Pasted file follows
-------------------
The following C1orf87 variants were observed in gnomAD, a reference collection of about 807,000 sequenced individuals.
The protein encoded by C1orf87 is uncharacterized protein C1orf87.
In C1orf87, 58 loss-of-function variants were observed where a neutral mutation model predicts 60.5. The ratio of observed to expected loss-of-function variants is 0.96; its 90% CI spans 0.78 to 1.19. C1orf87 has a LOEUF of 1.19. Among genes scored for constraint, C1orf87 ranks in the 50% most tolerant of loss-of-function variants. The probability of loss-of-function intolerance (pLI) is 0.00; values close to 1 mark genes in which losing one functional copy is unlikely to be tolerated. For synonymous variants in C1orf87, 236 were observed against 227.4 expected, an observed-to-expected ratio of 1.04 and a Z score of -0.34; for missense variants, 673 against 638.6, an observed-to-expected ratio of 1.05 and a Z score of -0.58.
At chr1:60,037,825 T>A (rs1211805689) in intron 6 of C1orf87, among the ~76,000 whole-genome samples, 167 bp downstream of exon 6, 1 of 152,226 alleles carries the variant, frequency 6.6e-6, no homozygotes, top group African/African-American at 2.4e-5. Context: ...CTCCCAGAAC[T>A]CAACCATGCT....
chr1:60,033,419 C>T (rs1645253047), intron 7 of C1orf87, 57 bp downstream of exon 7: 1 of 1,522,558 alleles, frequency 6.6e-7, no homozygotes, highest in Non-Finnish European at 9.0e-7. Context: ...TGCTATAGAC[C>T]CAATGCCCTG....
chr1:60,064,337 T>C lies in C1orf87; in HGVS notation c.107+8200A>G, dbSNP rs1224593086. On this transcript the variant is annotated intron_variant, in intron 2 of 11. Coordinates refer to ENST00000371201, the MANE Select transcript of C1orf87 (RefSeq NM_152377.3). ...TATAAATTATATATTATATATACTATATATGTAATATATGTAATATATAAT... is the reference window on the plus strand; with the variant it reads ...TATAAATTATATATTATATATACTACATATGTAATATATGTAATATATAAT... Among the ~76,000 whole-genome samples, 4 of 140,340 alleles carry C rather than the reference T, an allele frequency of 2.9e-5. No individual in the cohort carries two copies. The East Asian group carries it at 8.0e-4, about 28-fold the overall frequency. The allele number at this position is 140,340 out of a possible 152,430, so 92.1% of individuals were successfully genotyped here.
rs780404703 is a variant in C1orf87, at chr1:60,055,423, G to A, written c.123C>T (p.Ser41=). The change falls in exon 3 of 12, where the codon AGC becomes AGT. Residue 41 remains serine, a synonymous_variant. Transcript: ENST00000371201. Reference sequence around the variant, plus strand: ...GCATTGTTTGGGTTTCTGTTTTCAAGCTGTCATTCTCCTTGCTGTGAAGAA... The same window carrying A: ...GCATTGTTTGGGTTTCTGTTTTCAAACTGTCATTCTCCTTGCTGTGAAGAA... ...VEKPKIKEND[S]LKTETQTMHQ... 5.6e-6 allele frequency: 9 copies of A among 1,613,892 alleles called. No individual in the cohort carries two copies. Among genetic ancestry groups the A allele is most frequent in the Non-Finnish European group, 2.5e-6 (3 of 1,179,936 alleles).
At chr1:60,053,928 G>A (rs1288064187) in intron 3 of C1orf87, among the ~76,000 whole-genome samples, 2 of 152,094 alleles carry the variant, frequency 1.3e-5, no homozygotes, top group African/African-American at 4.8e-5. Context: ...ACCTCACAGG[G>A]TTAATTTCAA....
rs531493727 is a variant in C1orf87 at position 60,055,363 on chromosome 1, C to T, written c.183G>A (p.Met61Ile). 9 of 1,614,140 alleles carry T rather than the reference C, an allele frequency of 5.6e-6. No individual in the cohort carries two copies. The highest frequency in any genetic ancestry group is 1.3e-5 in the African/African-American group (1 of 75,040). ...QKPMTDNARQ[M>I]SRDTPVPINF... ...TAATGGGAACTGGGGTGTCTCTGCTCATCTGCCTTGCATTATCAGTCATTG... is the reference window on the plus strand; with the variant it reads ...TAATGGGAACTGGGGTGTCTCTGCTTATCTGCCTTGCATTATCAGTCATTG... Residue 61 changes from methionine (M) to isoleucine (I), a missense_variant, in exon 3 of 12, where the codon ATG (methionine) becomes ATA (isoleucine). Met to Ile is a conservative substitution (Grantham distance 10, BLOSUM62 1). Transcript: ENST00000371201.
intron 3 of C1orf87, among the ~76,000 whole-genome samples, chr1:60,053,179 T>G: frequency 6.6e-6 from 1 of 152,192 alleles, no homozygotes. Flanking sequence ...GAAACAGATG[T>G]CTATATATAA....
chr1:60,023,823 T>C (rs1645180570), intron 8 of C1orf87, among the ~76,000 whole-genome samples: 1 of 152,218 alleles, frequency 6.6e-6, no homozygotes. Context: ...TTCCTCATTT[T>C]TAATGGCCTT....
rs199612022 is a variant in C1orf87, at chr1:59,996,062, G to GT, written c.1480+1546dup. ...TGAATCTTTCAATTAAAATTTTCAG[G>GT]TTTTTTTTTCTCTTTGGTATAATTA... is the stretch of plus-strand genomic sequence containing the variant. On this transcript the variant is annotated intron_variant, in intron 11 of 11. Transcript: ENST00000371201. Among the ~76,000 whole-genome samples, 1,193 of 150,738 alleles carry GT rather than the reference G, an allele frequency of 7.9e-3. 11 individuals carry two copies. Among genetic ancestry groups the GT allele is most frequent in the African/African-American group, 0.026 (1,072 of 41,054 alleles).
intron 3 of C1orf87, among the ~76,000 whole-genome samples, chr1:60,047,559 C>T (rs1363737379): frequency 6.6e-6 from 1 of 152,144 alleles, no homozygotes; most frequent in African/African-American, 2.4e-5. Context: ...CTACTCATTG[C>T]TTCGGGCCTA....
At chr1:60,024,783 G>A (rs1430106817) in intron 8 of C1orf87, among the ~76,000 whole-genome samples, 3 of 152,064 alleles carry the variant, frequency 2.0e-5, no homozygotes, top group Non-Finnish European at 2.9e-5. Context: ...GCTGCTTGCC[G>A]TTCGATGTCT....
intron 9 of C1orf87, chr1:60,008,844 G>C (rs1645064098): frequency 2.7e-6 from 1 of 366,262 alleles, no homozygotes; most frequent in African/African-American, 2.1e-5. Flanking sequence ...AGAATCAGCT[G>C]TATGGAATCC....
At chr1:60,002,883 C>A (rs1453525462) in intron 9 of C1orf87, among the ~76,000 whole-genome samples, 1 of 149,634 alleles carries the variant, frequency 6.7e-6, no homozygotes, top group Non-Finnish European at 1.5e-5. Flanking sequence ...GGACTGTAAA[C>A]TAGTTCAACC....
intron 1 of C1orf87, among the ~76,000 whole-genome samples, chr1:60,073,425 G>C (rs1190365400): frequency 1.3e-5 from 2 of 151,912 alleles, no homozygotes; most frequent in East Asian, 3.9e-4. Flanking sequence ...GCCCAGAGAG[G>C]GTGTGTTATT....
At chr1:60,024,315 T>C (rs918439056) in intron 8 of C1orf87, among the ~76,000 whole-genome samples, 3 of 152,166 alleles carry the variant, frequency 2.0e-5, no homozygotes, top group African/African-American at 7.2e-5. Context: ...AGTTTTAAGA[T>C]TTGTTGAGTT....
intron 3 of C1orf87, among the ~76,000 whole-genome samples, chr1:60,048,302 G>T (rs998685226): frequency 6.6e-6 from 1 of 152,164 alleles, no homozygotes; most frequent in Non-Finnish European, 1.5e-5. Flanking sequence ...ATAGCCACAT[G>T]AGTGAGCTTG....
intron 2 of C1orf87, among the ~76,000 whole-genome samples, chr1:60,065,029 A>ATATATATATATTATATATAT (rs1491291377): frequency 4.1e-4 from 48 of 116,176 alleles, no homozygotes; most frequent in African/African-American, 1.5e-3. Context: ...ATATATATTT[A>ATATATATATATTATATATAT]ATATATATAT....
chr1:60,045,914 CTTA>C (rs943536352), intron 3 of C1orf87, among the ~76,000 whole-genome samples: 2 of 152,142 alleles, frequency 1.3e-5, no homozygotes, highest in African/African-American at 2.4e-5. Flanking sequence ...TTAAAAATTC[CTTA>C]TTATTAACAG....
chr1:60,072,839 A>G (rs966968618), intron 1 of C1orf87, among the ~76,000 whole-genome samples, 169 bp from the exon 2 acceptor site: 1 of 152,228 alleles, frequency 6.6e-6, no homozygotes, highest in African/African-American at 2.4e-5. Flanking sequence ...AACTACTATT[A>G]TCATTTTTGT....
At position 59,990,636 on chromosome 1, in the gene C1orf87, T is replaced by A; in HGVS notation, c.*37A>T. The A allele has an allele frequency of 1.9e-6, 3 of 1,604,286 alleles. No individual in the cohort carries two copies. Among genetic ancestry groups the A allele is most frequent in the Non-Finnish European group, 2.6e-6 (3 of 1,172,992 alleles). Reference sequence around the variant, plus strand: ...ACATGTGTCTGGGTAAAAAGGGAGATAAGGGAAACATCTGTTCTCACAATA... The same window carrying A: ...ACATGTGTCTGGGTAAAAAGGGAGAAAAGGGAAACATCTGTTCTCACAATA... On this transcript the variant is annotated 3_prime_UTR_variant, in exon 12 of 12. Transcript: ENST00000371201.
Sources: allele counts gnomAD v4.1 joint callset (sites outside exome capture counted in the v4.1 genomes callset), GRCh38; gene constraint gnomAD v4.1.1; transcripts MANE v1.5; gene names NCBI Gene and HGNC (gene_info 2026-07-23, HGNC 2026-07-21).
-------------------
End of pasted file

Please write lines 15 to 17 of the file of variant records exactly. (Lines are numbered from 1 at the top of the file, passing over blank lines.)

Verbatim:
intron 9 of C1orf87, chr1:60,008,844 G>C (rs1645064098): frequency 2.7e-6 from 1 of 366,262 alleles, no homozygotes; most frequent in African/African-American, 2.1e-5. Flanking sequence ...AGAATCAGCT[G>C]TATGGAATCC....
At chr1:60,002,883 C>A (rs1453525462) in intron 9 of C1orf87, among the ~76,000 whole-genome samples, 1 of 149,634 alleles carries the variant, frequency 6.7e-6, no homozygotes, top group Non-Finnish European at 1.5e-5. Flanking sequence ...GGACTGTAAA[C>A]TAGTTCAACC....
intron 1 of C1orf87, among the ~76,000 whole-genome samples, chr1:60,073,425 G>C (rs1190365400): frequency 1.3e-5 from 2 of 151,912 alleles, no homozygotes; most frequent in East Asian, 3.9e-4. Flanking sequence ...GCCCAGAGAG[G>C]GTGTGTTATT....